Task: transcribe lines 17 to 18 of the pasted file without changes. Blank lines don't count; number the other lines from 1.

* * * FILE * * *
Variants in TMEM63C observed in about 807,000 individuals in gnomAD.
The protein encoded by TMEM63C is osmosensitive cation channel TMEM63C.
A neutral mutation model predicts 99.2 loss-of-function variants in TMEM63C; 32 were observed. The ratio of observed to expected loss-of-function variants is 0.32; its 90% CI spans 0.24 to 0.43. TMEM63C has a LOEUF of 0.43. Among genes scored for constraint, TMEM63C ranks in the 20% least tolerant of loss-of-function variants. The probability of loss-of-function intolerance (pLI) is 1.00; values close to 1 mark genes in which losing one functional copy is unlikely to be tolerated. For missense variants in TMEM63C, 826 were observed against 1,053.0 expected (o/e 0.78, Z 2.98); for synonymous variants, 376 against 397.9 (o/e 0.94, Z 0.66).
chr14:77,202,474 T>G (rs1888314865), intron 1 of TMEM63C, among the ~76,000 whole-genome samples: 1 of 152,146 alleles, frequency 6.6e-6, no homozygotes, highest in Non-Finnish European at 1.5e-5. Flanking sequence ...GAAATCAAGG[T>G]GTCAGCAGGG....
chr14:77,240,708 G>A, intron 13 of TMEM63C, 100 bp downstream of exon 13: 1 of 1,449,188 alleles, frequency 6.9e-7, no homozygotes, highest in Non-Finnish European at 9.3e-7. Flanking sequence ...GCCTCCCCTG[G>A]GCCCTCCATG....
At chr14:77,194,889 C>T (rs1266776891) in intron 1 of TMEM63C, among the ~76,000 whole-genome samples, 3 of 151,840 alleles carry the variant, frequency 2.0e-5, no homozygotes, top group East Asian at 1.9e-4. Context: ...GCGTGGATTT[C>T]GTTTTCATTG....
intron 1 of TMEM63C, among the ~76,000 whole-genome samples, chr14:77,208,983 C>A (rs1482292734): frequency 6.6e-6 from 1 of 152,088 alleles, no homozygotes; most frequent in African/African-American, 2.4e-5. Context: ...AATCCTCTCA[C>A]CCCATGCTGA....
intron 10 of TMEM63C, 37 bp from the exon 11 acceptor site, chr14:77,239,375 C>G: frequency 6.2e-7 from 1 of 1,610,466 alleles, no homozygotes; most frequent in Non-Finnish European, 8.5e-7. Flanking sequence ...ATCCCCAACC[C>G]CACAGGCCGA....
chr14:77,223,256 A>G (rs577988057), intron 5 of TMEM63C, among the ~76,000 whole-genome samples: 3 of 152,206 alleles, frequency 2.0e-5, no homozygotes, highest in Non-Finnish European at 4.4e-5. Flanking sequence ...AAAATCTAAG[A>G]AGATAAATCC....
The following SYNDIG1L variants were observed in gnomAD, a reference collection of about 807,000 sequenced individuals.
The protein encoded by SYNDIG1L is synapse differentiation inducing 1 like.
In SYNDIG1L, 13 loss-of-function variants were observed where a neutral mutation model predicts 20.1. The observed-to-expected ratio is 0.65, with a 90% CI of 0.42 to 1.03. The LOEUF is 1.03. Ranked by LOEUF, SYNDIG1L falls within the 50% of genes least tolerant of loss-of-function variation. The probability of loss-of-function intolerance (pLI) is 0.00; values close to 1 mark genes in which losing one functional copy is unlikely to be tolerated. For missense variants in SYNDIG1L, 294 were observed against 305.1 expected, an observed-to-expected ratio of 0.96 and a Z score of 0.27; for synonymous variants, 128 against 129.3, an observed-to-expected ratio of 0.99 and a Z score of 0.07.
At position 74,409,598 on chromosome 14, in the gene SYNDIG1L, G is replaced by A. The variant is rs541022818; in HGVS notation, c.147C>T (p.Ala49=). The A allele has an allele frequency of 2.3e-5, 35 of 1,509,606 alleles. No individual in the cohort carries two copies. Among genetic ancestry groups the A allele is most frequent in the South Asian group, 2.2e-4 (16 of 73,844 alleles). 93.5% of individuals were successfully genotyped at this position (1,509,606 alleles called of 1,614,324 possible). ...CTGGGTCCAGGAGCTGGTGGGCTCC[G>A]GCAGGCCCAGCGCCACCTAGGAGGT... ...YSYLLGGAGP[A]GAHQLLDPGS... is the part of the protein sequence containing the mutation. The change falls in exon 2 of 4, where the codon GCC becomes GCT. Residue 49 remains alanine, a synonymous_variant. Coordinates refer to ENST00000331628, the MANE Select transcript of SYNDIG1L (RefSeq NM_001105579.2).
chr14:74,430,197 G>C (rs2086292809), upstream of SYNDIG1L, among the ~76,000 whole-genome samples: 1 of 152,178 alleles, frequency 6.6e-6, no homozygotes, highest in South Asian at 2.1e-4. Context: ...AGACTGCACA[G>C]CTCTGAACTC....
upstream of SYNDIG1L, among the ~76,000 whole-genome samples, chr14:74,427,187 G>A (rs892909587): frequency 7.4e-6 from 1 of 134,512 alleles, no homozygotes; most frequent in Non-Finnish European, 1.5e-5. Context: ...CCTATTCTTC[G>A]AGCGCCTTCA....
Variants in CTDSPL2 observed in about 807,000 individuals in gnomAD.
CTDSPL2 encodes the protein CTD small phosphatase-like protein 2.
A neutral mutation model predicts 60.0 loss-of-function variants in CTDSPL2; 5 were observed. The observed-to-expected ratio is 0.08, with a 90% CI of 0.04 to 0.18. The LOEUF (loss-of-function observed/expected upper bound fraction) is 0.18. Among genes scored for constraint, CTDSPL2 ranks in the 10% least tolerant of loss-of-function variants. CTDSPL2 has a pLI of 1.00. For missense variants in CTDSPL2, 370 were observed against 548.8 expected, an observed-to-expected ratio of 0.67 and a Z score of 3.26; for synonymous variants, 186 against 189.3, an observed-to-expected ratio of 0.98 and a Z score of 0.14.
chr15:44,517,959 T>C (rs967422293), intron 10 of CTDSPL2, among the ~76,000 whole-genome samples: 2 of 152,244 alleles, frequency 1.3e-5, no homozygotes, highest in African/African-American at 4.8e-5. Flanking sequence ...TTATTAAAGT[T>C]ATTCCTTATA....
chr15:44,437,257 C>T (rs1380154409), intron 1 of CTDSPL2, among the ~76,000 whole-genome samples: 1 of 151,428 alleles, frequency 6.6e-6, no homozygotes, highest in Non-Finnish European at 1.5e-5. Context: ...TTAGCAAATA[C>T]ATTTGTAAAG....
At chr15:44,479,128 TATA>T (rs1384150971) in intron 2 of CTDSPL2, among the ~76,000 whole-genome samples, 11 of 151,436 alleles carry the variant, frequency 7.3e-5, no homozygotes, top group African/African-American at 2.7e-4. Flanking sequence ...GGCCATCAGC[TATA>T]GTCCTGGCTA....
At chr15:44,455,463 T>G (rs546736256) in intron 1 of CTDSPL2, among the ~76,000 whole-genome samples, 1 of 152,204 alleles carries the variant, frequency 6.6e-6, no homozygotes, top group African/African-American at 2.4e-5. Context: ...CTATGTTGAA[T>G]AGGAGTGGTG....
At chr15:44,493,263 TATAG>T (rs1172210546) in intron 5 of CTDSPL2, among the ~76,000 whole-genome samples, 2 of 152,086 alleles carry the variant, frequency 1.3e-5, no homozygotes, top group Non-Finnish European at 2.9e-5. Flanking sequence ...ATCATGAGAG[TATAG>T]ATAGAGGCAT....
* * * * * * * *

CTDSPL2 encodes the protein CTD small phosphatase-like protein 2.
A neutral mutation model predicts 60.0 loss-of-function variants in CTDSPL2; 5 were observed. The observed-to-expected ratio is 0.08, with a 90% CI of 0.04 to 0.18. The LOEUF (loss-of-function observed/expected upper bound fraction) is 0.18. Among genes scored for constraint, CTDSPL2 ranks in the 10% least tolerant of loss-of-function variants. CTDSPL2 has a pLI of 1.00. For missense variants in CTDSPL2, 370 were observed against 548.8 expected, an observed-to-expected ratio of 0.67 and a Z score of 3.26; for synonymous variants, 186 against 189.3, an observed-to-expected ratio of 0.98 and a Z score of 0.14.